Hill v. Rice

Annotate this Case

505 So. 2d 382 (1987)

Richard O. HILL, Sr. v. W.C. RICE.

86-168.

Supreme Court of Alabama.

March 27, 1987.

George H. Howell of Howell, Sarto and Howell, Prattville, for appellant.

*383 J. Robert Faulk and Theron O. McDowell, Jr., Prattville, for appellee.

MADDOX, Justice.

This appeal involves the question of whether a majority of the lot owners in a residential subdivision could remove the restrictive covenants which had been imposed upon the lots when the subdivision was initially platted. The trial court granted summary judgment in favor of the lot owner who was alleged to be in violation of the restrictive covenants, and the plaintiff appealed. We affirm.

Appellant Richard O. Hill commenced this action in the Circuit Court of Autauga County, seeking a declaratory judgment and a permanent injunction against W. C. Rice prohibiting him from violating restrictive covenants in the Forrest Hills subdivision in Autauga County.

The Forrest Hills Subdivision is located in a rural area in Autauga County outside the city limits of Prattville. It was developed in September 1961 by D. L. Yarbrough and Louise C. Yarbrough. In the course of developing the subdivision, the Yarbroughs imposed certain "protective covenants" on the lots. Three of these protective covenants are pertinent to this appeal, and are as follows:

"(1) The restrictions herein set out shall run with the land and shall be binding upon all parties and persons claiming under them until Jan. 1, 1980, at which time said covenants and restrictions shall automatically be extended for successive periods of ten (10) years, unless by vote of majority of the then owners of the lots it is agreed to discontinue or to change said covenants in whole or in part. "* * * "(4) No structure other than one detached single family dwelling and one private garage for not more than two cars shall be erected, placed, altered or permitted to remain on any lot embraced in this tract. "* * * "(7) No residential structure shall be erected or placed on any building lot consisting of less than one full lot as shown on the recorded plat."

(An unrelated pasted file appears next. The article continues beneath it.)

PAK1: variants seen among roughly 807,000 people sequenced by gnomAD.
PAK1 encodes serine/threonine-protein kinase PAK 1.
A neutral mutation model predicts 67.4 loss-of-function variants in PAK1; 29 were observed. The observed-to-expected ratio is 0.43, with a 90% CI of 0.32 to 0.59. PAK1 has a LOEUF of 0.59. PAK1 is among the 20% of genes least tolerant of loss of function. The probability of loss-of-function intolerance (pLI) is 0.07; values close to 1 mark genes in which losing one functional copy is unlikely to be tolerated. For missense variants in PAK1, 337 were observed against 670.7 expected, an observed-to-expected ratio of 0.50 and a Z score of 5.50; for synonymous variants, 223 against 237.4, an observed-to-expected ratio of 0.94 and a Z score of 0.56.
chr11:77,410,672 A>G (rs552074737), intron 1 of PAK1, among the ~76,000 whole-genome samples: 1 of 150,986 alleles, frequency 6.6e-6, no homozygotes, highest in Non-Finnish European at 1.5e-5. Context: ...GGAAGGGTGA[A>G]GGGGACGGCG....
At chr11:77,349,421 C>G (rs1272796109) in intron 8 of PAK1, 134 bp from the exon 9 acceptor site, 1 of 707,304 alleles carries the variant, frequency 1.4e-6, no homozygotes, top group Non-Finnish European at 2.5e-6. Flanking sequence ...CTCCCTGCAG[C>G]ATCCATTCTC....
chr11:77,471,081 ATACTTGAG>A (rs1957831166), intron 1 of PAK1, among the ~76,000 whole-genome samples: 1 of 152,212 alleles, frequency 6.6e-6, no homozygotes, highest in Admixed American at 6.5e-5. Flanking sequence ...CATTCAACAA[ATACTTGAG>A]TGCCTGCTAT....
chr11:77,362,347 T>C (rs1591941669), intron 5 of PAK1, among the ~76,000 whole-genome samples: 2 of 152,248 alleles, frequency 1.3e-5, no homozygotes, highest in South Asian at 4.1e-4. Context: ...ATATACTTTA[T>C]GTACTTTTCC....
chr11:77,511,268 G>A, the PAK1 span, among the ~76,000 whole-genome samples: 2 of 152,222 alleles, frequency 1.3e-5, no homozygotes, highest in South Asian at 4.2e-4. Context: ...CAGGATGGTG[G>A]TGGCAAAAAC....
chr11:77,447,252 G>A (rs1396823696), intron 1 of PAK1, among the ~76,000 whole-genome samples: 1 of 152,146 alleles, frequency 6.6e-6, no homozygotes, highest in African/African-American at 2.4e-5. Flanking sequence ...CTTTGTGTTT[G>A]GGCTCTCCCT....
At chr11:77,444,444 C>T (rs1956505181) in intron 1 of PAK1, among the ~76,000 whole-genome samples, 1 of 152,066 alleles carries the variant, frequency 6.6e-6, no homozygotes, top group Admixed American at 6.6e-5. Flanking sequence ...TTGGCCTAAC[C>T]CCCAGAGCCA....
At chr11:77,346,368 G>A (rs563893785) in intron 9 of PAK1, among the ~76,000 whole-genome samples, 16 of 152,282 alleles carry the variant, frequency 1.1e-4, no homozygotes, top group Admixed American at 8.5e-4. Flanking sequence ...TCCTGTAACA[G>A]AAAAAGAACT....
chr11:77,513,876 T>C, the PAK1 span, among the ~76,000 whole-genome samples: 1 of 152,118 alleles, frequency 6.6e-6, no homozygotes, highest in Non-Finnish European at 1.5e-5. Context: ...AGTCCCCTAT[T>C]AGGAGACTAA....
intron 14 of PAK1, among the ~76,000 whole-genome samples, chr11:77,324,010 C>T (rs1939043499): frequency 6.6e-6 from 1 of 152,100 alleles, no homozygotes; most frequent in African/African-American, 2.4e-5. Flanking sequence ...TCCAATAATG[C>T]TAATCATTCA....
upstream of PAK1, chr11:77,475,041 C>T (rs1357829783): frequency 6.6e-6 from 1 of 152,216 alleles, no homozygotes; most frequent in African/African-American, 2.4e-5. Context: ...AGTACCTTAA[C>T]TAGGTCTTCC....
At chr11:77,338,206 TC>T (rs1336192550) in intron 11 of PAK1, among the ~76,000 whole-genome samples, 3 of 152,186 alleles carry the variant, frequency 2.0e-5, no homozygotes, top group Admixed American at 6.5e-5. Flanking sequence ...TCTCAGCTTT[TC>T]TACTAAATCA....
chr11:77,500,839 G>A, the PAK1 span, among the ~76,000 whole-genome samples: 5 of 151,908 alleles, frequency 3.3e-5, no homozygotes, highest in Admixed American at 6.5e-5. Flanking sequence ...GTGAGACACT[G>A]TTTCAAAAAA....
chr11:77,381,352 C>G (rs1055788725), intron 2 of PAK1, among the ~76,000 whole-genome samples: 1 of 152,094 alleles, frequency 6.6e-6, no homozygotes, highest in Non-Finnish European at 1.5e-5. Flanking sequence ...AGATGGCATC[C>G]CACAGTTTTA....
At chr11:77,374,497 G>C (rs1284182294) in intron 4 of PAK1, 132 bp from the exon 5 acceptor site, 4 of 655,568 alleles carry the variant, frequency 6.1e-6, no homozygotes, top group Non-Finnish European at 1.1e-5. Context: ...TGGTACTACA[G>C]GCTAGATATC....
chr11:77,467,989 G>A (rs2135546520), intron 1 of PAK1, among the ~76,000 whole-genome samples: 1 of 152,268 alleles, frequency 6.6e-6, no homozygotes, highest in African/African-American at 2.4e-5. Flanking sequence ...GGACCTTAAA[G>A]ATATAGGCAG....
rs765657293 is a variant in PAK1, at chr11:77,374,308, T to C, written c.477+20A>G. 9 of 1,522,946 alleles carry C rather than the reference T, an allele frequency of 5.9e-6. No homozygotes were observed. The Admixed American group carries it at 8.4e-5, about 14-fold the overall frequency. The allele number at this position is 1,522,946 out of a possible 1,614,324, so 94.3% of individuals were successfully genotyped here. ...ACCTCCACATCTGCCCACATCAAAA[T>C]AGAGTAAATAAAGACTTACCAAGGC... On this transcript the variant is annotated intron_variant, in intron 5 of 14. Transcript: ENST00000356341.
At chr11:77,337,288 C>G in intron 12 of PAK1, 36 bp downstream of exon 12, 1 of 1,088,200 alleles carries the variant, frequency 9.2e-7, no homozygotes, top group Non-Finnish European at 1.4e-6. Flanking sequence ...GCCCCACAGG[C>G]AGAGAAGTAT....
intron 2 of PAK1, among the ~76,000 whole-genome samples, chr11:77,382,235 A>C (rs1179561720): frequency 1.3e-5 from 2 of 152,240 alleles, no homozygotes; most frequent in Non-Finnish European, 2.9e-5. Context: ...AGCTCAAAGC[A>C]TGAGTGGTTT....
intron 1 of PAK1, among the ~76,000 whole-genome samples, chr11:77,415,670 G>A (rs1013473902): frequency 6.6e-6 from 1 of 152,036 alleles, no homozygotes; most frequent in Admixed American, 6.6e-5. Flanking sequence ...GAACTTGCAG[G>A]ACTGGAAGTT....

At the time Hill purchased his undeveloped lots in 1985, there had been substantial violations of the covenants. In fact, Rice, the defendant below, had begun placing crosses on his lots (which is the violation complained of by Hill in this lawsuit) as early as 1979, and he has added to them periodically since that date. After Hill purchased lots one and two, but prior to the filing of this case, a majority of the owners of the lots in the subdivision executed a document which eliminated all protective covenants from the subdivision. This was done purportedly in accordance with the specific procedure set forth in the first protective covenant, which states that after January 1, 1980, a "majority of the then owners of the lots" in the subdivision could discontinue or change the covenants in whole or in part. Owners of ten of the twelve lots voted to eliminate the protective covenants. The document entitled "Elimination of Protective Covenants of Forrest Hills Subdivision" was signed May 9-13, 1985, and was filed of record in the office of the judge of probate of Autauga County on May 14, 1985.

After the hearing on the summary judgment motion, the trial court entered the following order: